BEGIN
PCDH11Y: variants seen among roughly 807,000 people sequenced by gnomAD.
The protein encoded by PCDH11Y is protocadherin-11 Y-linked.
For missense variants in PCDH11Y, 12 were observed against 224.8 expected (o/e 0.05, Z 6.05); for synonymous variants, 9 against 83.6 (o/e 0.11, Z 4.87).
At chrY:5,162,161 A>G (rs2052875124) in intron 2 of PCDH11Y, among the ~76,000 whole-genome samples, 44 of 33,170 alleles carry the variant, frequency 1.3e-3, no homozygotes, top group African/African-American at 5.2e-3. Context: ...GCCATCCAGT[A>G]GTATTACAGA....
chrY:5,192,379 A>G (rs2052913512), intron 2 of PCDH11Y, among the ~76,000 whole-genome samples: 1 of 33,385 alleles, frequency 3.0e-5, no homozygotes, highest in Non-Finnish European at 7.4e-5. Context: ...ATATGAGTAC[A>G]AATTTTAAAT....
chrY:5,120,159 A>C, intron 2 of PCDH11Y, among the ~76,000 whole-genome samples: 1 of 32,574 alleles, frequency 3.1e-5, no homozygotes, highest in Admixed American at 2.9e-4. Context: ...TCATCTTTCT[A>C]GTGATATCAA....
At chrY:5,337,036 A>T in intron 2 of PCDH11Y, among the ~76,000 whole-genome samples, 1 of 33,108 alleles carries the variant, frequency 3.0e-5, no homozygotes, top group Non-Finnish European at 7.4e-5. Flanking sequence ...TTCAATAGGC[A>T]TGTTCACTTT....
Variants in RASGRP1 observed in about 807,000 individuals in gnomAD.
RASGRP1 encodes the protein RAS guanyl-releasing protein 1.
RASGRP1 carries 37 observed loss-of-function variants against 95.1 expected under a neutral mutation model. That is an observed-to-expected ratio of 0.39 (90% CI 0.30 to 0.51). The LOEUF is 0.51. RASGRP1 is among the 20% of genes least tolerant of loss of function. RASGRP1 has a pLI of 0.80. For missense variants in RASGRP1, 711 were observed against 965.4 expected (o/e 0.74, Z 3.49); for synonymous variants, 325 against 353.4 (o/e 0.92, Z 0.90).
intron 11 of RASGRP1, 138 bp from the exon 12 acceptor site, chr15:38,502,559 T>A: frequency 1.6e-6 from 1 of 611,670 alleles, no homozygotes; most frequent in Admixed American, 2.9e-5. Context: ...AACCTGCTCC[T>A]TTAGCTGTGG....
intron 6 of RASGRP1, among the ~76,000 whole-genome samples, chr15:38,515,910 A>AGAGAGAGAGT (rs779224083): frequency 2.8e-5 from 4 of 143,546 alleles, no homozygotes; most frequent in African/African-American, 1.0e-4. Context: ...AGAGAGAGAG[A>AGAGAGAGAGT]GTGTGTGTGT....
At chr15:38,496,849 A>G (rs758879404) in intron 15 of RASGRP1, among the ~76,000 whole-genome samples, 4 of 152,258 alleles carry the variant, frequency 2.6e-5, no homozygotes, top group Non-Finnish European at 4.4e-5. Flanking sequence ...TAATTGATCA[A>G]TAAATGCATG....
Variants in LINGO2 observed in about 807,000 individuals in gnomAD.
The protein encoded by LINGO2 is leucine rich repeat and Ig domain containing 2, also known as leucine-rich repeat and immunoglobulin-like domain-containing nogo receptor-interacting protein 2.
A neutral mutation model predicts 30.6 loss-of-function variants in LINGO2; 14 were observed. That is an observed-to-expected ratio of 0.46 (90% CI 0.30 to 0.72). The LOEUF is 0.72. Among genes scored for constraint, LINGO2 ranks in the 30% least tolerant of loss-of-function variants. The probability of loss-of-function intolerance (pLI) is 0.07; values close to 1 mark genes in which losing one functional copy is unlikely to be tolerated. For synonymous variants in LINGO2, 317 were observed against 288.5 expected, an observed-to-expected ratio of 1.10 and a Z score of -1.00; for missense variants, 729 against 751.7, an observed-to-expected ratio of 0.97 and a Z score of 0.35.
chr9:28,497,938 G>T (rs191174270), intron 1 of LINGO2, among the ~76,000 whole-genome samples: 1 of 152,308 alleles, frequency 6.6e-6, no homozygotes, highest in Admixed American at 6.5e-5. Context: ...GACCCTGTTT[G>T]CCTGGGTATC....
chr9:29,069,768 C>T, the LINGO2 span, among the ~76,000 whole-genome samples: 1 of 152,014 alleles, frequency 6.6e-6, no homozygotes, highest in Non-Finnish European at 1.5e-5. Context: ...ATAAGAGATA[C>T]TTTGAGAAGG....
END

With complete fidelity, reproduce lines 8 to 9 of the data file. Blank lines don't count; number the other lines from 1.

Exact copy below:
Variants in RASGRP1 observed in about 807,000 individuals in gnomAD.
RASGRP1 encodes the protein RAS guanyl-releasing protein 1.